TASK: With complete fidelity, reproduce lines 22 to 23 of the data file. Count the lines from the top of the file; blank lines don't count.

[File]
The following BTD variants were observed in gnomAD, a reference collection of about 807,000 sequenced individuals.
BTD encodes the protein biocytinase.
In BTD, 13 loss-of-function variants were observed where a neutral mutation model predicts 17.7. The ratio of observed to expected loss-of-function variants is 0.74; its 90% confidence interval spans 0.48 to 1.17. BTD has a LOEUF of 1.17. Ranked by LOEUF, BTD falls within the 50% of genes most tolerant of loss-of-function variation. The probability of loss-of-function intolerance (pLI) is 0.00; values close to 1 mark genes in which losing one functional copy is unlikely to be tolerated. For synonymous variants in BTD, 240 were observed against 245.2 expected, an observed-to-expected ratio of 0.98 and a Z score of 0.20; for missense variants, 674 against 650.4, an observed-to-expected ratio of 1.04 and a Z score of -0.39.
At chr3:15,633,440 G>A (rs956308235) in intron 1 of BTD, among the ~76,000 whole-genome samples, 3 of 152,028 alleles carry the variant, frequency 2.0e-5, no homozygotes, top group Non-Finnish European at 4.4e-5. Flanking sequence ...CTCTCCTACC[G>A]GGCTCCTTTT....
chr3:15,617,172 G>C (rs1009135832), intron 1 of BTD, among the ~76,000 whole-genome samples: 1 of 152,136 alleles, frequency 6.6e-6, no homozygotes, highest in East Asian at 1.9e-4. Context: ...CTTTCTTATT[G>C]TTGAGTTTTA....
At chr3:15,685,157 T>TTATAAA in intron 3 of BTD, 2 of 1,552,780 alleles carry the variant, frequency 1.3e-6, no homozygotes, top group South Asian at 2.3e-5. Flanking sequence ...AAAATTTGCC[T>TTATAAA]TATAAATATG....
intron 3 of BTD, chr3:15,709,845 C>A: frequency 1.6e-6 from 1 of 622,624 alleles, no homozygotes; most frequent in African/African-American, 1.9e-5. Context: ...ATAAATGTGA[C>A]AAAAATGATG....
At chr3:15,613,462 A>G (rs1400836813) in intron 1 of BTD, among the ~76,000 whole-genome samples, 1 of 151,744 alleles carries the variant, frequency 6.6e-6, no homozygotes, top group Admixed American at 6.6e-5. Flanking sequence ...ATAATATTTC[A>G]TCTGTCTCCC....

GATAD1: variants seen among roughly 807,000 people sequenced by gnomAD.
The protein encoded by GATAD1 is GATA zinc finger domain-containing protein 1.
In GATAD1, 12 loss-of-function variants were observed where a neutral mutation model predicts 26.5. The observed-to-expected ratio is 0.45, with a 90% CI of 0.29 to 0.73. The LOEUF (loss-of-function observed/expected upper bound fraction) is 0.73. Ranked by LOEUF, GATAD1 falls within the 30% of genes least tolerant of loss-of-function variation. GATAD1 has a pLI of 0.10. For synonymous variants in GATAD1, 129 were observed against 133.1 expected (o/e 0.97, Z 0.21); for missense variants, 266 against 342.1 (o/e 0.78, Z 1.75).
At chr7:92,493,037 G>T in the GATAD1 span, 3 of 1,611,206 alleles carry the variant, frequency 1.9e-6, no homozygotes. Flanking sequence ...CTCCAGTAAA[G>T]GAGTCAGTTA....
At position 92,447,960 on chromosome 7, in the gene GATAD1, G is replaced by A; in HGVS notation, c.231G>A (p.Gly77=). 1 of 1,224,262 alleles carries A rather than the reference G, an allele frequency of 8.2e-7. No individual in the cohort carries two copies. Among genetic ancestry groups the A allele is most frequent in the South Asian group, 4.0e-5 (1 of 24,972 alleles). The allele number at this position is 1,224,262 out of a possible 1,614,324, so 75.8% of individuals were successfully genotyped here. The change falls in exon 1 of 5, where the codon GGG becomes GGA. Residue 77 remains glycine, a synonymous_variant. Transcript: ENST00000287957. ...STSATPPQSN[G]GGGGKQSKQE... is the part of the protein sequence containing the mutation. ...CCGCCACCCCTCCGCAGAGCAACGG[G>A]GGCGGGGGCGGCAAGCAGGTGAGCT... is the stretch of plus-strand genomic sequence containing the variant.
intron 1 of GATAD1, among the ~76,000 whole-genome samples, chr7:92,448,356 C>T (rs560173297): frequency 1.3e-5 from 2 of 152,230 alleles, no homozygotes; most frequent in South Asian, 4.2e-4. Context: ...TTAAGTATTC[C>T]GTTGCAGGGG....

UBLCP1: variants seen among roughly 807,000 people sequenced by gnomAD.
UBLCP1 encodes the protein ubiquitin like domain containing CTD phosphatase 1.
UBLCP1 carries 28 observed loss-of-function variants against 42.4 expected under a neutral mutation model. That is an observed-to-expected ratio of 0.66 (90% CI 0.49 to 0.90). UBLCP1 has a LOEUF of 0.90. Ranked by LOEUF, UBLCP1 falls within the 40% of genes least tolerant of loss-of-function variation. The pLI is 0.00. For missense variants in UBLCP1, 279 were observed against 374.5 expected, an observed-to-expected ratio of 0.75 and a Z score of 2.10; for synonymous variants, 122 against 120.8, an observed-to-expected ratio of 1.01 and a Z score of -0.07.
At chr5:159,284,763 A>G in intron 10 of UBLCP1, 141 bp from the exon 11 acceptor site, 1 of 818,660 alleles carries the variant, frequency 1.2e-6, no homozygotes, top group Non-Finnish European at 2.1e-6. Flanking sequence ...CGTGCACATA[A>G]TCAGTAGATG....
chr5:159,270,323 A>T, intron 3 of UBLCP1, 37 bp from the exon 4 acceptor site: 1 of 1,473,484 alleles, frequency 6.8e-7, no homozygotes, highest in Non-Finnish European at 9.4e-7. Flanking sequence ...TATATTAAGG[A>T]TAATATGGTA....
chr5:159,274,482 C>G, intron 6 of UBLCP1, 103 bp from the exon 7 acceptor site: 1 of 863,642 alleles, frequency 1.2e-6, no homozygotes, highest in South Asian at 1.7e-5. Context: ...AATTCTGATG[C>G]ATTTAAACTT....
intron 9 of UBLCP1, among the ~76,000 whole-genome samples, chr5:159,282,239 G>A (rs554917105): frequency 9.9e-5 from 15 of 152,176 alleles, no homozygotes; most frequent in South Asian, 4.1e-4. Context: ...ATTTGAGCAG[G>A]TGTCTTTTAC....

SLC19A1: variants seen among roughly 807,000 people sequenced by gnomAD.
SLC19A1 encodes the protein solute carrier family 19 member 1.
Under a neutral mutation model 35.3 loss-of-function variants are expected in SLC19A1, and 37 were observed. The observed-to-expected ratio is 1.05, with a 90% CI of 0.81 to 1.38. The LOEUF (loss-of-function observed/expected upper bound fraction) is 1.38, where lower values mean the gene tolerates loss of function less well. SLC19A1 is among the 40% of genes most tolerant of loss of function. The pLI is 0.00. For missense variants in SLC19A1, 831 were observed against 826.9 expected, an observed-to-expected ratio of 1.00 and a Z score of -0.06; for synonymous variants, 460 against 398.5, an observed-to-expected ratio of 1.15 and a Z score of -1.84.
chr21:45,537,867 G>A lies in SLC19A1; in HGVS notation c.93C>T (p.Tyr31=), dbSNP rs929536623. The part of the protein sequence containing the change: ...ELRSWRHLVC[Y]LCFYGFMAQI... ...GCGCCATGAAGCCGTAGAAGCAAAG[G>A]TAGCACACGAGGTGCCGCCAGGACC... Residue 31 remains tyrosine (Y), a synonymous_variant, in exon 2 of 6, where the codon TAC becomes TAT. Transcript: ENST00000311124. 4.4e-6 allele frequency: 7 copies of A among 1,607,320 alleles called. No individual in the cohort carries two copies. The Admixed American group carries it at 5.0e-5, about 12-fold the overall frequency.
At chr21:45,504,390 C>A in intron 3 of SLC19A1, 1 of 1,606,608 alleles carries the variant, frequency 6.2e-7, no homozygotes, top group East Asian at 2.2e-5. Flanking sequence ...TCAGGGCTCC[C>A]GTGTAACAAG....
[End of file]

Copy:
SLC19A1: variants seen among roughly 807,000 people sequenced by gnomAD.
SLC19A1 encodes the protein solute carrier family 19 member 1.